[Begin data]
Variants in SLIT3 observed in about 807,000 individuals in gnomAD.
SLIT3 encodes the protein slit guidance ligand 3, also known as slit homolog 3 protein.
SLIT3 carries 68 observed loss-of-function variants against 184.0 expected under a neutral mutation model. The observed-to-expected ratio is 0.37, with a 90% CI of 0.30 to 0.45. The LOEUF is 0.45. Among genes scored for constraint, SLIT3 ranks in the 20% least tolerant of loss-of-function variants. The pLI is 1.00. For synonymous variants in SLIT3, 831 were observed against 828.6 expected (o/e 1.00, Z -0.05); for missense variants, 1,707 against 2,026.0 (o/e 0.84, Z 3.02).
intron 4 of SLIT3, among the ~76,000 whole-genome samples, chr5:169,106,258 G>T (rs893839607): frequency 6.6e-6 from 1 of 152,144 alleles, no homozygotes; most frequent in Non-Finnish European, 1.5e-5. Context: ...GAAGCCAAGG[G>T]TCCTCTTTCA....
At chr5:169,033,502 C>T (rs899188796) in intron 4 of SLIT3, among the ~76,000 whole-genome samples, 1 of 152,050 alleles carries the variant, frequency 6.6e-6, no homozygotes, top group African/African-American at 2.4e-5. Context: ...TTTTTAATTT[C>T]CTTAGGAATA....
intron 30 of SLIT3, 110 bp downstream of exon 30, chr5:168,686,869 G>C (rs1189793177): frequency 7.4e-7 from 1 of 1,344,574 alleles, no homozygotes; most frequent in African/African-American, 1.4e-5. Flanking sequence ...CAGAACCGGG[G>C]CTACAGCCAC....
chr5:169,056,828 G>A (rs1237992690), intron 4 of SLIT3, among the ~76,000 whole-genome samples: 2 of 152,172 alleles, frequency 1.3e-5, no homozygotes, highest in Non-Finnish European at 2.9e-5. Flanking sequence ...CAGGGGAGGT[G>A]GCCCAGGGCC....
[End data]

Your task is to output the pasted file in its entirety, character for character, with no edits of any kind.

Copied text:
Variants in SLIT3 observed in about 807,000 individuals in gnomAD.
SLIT3 encodes the protein slit guidance ligand 3, also known as slit homolog 3 protein.
SLIT3 carries 68 observed loss-of-function variants against 184.0 expected under a neutral mutation model. The observed-to-expected ratio is 0.37, with a 90% CI of 0.30 to 0.45. The LOEUF is 0.45. Among genes scored for constraint, SLIT3 ranks in the 20% least tolerant of loss-of-function variants. The pLI is 1.00. For synonymous variants in SLIT3, 831 were observed against 828.6 expected (o/e 1.00, Z -0.05); for missense variants, 1,707 against 2,026.0 (o/e 0.84, Z 3.02).
intron 4 of SLIT3, among the ~76,000 whole-genome samples, chr5:169,106,258 G>T (rs893839607): frequency 6.6e-6 from 1 of 152,144 alleles, no homozygotes; most frequent in Non-Finnish European, 1.5e-5. Context: ...GAAGCCAAGG[G>T]TCCTCTTTCA....
At chr5:169,033,502 C>T (rs899188796) in intron 4 of SLIT3, among the ~76,000 whole-genome samples, 1 of 152,050 alleles carries the variant, frequency 6.6e-6, no homozygotes, top group African/African-American at 2.4e-5. Context: ...TTTTTAATTT[C>T]CTTAGGAATA....
intron 30 of SLIT3, 110 bp downstream of exon 30, chr5:168,686,869 G>C (rs1189793177): frequency 7.4e-7 from 1 of 1,344,574 alleles, no homozygotes; most frequent in African/African-American, 1.4e-5. Flanking sequence ...CAGAACCGGG[G>C]CTACAGCCAC....
chr5:169,056,828 G>A (rs1237992690), intron 4 of SLIT3, among the ~76,000 whole-genome samples: 2 of 152,172 alleles, frequency 1.3e-5, no homozygotes, highest in Non-Finnish European at 2.9e-5. Flanking sequence ...CAGGGGAGGT[G>A]GCCCAGGGCC....